Bioscience seminar series

  • Datum: –09.30
  • Plats: Biomedicinskt centrum C4:2 Seminar room
  • Föreläsare: Lars Lannfelt, MD, PhD, Senior Professor, Dept of Public Health/Geriatrics, Uppsala University and BioArctic AB
  • Kontaktperson: Anna Nilsson
  • Seminarium

Targeting Aß protofibrils with BAN2401 - from mutation to potential therapy for Alzheimer’s disease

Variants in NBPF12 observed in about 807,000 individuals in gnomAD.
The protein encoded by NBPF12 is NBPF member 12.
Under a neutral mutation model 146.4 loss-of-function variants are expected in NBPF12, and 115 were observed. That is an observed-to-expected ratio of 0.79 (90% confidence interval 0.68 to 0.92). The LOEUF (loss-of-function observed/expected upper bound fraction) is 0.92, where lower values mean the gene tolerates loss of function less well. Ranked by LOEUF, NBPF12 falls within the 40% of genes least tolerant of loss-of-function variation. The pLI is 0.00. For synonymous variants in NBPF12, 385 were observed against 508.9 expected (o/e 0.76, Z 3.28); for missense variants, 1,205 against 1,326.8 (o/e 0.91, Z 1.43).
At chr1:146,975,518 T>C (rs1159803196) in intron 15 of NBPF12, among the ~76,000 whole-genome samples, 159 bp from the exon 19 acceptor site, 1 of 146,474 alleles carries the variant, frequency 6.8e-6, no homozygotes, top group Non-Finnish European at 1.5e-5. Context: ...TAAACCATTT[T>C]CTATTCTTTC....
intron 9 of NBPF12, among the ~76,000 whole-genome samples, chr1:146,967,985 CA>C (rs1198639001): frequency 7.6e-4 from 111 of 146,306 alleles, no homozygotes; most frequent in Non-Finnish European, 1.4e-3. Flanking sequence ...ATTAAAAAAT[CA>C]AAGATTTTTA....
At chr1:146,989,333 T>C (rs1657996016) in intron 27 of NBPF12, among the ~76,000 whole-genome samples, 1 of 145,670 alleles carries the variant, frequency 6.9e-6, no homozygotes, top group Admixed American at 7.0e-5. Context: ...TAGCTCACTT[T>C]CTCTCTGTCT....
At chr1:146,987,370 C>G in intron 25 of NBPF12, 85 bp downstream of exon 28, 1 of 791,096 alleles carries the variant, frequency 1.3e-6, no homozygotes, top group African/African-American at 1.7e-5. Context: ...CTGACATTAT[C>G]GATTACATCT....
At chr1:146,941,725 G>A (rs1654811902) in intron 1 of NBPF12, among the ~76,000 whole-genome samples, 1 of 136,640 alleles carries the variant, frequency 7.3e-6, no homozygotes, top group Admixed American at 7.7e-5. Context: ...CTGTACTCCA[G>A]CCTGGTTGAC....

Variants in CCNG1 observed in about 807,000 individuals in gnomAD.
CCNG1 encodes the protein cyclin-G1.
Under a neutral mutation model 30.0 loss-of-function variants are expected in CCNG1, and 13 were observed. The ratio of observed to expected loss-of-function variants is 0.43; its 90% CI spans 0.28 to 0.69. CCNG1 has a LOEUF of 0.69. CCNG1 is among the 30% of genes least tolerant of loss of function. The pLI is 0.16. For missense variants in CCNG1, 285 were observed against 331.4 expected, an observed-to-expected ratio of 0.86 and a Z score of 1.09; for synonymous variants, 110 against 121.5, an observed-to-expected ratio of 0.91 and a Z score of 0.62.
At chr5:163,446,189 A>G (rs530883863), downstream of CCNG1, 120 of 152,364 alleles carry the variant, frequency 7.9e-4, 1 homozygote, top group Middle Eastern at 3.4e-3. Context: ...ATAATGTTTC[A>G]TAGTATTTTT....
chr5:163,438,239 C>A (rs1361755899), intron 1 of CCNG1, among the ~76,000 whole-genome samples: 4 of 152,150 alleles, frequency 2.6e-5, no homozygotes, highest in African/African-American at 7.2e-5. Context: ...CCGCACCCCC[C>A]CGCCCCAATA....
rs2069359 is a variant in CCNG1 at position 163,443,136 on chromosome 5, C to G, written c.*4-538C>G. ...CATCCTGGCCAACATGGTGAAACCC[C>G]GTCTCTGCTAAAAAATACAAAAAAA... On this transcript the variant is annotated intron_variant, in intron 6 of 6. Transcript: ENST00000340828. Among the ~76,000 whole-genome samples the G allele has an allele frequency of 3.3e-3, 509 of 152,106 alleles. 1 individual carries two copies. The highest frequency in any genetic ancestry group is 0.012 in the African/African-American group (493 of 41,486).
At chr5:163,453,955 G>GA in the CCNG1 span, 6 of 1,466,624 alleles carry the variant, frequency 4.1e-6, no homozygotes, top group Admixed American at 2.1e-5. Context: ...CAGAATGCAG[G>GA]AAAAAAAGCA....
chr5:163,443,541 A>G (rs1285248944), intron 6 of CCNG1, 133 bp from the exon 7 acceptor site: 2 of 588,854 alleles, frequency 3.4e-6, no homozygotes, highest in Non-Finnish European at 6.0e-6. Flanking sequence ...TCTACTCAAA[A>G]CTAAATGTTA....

Currently available therapie for Alzheimer’s disease (AD) is symptomatic. Ongoing research is actively examining potential pathways and therapies with the goal of developing a disease modifying therapy for AD. Recent studies have suggested that soluble, aggregated forms of amyloid β-protein (Aβ) plays an important role in the pathogenesis of AD. Soluble Aβ aggregates are toxic, reducing synapse formation, and neuronal survival. Aβ monomers aggregate to form dimers, trimers, low molecular weight oligomers, eventually forming soluble protofibrils, and finally fibrils. Protofibrils are intermediates in the Aβ aggregation process. Hypothesised as a major culprit in the pathogenesis of AD, protofibrils represent a promising target for immunotherapy. To develop an effective immunotherapy several challenges must be solved - the antibody must be able to reach its target, be efficacious by delivering clinical benefits and be well tolerated. In addition, it is important to identify biomarkers that can be used to both diagnose AD in its early stages as well as assess the clinical efficacy of any treatment. The humanized monoclonal antibody BAN2401, and its murine counterpart mAB158, are monoclonal antibodies specifically designed to target the conformational structure of soluble, aggregated amyloid-β (Aβ) such as protofibrils. They do not target linear epitopes. Development of several monoclonal antibodies targeting Aβ has failed due to lack of efficacy and/or adverse effects. There has been an increasing interest in in soluble aggregated Aβ species, i.e. oligomers and protofibrils, as the key pathogenic species. We examined differences in binding characteristics of BAN2401, an antibody continuing in development in phase 3 and compared it with Biogen’s antibody aducanumab, which met futility in phase 3 in March 2019 , to better understand the apparent differences in mechanism of action. BAN2401 was designed based on the Arctic mutation (Aβ E22G) which causes AD due to an enhanced propensity to form protofibrils. The antibodies binding profile to small and large protofibrils and oligomers was investigated by inhibition ELISA, surface plasmon resonance (SPR) and immunoprecipitation of soluble Aβ from AD brain extracts. With inhibition ELISA, BAN2401 showed approximately 100 times stronger binding to small protofibrils and approximately 15 times stronger binding to large protofibrils as compared to aducanumab. SPR analysis using protofibrils demonstrated similar data, with fast on-rates for both antibodies but with a much slower off-rate for BAN2401. BAN2401 had a KD of 1.32 nM to small protofibrils and aducanumab a KD of 138 nM. Thus, BAN2401 had approximately 100 times stronger binding to these Aβ species, and, in addition, showed stronger binding to large protofibrils and small oligomers (<75 kDa). BAN2401 was also more efficient than aducanumab to immunoprecipitate Aβ protofibrils/oligomers from AD brain extracts. BAN2401 had a much stronger in vitro binding to Aβ protofibrils and oligomers compared to aducanumab and was more effective in depleting Aβ protofibrils/oligomers from AD brain extracts. These differences in binding to Aβ may mediate the differences in clinical efficacy and safety observed for the two antibodies in phase 2/3 clinical trials.